The latest compilation from Ace imprint BGP is an intriguing look at the US dance music scene in the early 80s. By then disco had run its course, at least in the classiest, more underground, more discerning dance clubs. The clubbers who’d embraced the birth of disco were by the late 70s/early 80s embarrassed by its crass, mainstream acceptance. When artists as diverse as stage star Ethel Merman and clapped out pop rocker Rod Stewart were churning out disco tunes, the serious hard-core clubbers, especially in New Yok knew it was time to move on. They wanted something different. So, New York clubs like The Loft and the Paradise Garage decided to supply that something different – hence the title of the new BGP album, ‘LOFTS AND GARAGES’… a selection of cuts that did offer something quite different to mainstream disco.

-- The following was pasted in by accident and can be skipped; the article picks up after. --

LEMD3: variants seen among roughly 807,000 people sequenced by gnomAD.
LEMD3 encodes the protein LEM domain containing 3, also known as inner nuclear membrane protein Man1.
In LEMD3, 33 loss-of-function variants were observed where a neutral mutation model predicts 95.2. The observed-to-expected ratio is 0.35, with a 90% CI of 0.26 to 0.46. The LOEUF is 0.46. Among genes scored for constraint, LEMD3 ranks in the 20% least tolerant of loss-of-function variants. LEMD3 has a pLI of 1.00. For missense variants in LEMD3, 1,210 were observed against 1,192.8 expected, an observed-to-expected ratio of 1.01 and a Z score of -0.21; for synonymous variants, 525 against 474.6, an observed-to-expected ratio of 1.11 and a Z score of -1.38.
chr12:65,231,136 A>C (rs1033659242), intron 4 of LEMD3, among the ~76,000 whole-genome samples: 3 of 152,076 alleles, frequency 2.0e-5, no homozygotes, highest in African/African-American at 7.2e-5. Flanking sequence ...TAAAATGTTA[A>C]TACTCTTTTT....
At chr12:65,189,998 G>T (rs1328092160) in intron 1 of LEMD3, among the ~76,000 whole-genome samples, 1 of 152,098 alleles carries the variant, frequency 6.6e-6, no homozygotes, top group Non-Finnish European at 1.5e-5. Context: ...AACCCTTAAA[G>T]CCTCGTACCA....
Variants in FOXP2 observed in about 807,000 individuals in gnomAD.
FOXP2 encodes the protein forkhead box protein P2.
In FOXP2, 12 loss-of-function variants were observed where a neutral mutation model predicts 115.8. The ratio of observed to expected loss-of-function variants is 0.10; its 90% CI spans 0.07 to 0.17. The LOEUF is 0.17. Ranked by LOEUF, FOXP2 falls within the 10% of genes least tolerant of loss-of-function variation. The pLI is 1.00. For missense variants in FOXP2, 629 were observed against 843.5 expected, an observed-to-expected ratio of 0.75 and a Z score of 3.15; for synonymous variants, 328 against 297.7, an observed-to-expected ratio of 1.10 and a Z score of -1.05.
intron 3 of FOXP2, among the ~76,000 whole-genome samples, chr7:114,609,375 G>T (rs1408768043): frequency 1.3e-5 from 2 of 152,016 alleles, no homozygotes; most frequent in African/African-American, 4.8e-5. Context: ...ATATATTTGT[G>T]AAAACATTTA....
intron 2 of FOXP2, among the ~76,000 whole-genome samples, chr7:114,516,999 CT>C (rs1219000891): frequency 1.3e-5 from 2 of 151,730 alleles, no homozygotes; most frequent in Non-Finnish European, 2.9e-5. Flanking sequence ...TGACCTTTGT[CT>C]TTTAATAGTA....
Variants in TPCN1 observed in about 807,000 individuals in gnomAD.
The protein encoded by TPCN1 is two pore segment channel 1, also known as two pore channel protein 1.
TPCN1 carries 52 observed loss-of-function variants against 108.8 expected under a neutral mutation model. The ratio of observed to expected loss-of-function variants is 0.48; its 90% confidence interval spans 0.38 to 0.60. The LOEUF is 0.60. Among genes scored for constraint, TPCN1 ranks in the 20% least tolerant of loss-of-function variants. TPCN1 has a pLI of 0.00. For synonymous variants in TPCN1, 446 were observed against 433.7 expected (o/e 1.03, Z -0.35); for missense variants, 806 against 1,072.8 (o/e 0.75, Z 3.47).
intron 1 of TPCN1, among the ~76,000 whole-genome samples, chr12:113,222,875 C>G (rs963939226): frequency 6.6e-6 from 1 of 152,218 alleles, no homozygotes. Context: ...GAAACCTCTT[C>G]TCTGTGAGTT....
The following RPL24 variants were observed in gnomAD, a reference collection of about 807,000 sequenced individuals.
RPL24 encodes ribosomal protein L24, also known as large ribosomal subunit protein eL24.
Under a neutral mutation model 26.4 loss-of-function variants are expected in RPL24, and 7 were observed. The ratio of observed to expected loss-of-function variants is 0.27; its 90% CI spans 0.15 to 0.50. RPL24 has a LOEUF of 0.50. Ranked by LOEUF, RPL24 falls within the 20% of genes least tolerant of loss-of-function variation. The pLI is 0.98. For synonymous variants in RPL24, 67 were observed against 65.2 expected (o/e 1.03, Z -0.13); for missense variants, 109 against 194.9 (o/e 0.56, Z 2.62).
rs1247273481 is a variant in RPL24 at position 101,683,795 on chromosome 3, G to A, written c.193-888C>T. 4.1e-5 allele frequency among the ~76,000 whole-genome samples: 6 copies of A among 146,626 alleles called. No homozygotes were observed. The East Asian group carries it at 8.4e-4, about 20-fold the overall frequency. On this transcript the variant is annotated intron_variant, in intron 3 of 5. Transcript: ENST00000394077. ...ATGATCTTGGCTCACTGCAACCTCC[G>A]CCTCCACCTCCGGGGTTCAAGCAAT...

Specifically, BGP/Kent have dipped into the archive of New York indie label Spring and its subsidiary Posse to offer ten tracks that became popular on the NY underground club scene in the early 80s. Taking centre stage is Spring long stayers, the Fatback Band. Led by drummer Bill Curtis, the Fatbacks played regularly throughout the New York area and their ears were always tuned to the latest musical trends. It’s generally accepted the Fatback Band recorded the first commercial rap record – 1979’s ‘King Tom (Personality Jock)’ and here their offering is a rolling 8 minutes worth of ‘Spread Love’. Vocalist, by the way, is a certain Evelyn Thomas.
Amongst the other artists on ‘Lofts And Garages’ are Fonda Rae and Blaze (not the later New Jersey outfit) who offer a P Funk pastiche, ‘We Come To Jam’. Soul collectors will also recognize the name Lonnie Youngblood whose ‘Sing A Song’ typifies the post disco, hypnotic, electro-tinged dance sound.
‘LOFTS AND GARAGES’ is out now on BGP